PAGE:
Houston, Texas (PRWEB) August 13, 2012
West Nile Virus (WNV) is a virus that emerged around 1000 years ago and was first isolated by scientists in 1937. It spreads through the bites of mosquitoes to bird hosts who act as a multiplying ground for the virus. Once the viral load in a bird is high enough, new mosquito bites allow transmission to the next host, or a human. The majority (80%) of West Nile sufferers shows no symptoms and do not pass the virus on to others. About 20% of humans infected with WNV will show mild flu-like symptoms (fever, headache, nausea) for a few days to two weeks. In less than one percent of cases, symptoms can be severe and life-threatening. Older people (over 50 years) are more likely to fall into the severely impacted group. In a tiny fraction of cases, human-to-human transmission is possible through blood transfusion or from mother to child.
On an individual basis, most of what can be done to slow the spread of WNV is to combat the mosquito population during the summer to fall. In a household this amounts to patrolling your yard for standing water. Mosquitoes require standing water for their larval forms. Water that cannot be drained can be treated with “mosquito dunks” to prevent the maturation of mosquitoes. People should wear mosquito repellant that contains DEET or picaridin, especially during the morning and at dusk, when mosquito populations are most active. A variety of retail products are available that help to reduce the local presence of mosquitoes and their young. A more detailed description of how to fight mosquitoes can be found in the blog post linked (http://blog.berings.com/2012/03/21/mosquito-season-is-here/). Additionally, any dead birds found by family members should not be handled. Report and bird carcasses to your local health department.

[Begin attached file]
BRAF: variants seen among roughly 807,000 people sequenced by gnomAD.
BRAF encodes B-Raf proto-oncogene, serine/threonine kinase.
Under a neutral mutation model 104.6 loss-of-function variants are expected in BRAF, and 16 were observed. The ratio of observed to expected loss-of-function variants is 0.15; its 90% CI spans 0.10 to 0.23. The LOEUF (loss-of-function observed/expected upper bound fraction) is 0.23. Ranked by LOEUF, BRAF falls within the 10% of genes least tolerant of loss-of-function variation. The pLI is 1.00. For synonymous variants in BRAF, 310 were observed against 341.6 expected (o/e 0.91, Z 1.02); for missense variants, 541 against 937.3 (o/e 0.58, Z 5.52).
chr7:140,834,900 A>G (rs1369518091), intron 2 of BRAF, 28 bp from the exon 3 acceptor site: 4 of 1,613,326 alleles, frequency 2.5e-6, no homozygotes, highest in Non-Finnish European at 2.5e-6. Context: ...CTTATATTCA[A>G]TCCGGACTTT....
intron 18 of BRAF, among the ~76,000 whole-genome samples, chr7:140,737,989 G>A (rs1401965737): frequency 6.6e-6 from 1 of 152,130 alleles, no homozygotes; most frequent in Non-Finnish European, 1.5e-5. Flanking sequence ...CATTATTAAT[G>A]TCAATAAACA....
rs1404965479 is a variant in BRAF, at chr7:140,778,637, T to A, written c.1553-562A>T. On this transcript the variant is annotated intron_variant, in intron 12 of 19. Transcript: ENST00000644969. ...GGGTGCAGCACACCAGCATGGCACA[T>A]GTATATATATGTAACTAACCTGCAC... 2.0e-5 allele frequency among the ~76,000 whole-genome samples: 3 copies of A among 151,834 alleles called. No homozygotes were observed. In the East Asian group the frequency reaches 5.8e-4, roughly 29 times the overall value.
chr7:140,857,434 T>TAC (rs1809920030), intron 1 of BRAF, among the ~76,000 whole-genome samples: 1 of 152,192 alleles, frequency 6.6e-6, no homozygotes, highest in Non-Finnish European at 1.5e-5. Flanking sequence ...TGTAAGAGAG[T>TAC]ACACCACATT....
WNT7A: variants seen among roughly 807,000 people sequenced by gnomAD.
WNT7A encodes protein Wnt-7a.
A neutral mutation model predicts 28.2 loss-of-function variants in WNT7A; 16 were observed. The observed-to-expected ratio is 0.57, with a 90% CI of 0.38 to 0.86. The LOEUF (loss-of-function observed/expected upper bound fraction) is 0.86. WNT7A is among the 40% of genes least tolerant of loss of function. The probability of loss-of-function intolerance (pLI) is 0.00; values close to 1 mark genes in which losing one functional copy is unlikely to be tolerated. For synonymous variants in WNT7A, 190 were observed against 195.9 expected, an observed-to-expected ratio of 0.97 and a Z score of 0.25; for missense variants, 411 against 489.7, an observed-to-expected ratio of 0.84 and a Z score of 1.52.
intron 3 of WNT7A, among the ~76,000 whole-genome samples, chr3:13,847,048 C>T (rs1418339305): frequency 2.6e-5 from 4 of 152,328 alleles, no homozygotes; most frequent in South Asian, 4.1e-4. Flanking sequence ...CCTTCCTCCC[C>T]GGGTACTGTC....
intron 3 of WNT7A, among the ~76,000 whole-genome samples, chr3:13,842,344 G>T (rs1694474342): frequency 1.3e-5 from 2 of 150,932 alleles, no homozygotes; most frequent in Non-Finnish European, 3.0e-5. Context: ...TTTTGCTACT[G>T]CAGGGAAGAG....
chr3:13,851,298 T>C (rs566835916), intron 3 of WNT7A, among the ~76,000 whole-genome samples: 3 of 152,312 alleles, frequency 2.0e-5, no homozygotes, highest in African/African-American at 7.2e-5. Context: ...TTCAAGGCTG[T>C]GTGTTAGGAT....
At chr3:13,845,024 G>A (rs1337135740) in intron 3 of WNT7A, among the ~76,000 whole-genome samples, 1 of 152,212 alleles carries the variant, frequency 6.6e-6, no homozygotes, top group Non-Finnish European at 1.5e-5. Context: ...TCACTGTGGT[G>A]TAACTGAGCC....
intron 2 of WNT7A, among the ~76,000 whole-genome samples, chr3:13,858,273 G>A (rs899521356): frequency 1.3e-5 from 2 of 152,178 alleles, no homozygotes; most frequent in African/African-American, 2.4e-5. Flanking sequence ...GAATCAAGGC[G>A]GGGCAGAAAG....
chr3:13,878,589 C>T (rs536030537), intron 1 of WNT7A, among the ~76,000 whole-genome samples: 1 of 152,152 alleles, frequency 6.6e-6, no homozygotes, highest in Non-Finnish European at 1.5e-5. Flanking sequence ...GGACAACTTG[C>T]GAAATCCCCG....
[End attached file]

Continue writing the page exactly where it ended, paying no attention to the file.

Local communities can also help fight the spread of WNV by supporting neighborhood based mosquito eradication measures like fogging and spraying sewers. In severely impacted areas, cities and counties are considering aerial spraying for the first time in decades. Staying up to date on the current national situation is also beneficial. updates can be found at the Center for Disease Control's website. (http://www.cdc.gov/ncidod/dvbid/westnile/index.htm)